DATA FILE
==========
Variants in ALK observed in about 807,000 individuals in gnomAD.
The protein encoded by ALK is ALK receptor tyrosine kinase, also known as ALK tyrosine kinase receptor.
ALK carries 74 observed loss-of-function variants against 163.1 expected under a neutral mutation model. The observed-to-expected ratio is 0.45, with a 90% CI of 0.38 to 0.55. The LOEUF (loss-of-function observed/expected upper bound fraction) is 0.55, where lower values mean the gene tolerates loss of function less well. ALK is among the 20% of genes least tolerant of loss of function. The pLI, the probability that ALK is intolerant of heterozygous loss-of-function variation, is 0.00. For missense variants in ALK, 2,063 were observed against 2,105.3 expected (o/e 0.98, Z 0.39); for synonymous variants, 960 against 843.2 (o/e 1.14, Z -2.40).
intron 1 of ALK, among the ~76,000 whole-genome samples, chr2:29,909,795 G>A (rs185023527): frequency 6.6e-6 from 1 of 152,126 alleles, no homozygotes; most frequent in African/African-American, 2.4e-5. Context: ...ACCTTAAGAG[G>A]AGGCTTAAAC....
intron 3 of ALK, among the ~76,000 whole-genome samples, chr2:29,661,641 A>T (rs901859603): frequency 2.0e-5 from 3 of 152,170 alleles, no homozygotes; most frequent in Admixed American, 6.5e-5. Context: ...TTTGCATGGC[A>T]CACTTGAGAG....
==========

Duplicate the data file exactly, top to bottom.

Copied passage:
Variants in ALK observed in about 807,000 individuals in gnomAD.
The protein encoded by ALK is ALK receptor tyrosine kinase, also known as ALK tyrosine kinase receptor.
ALK carries 74 observed loss-of-function variants against 163.1 expected under a neutral mutation model. The observed-to-expected ratio is 0.45, with a 90% CI of 0.38 to 0.55. The LOEUF (loss-of-function observed/expected upper bound fraction) is 0.55, where lower values mean the gene tolerates loss of function less well. ALK is among the 20% of genes least tolerant of loss of function. The pLI, the probability that ALK is intolerant of heterozygous loss-of-function variation, is 0.00. For missense variants in ALK, 2,063 were observed against 2,105.3 expected (o/e 0.98, Z 0.39); for synonymous variants, 960 against 843.2 (o/e 1.14, Z -2.40).
intron 1 of ALK, among the ~76,000 whole-genome samples, chr2:29,909,795 G>A (rs185023527): frequency 6.6e-6 from 1 of 152,126 alleles, no homozygotes; most frequent in African/African-American, 2.4e-5. Context: ...ACCTTAAGAG[G>A]AGGCTTAAAC....
intron 3 of ALK, among the ~76,000 whole-genome samples, chr2:29,661,641 A>T (rs901859603): frequency 2.0e-5 from 3 of 152,170 alleles, no homozygotes; most frequent in Admixed American, 6.5e-5. Context: ...TTTGCATGGC[A>T]CACTTGAGAG....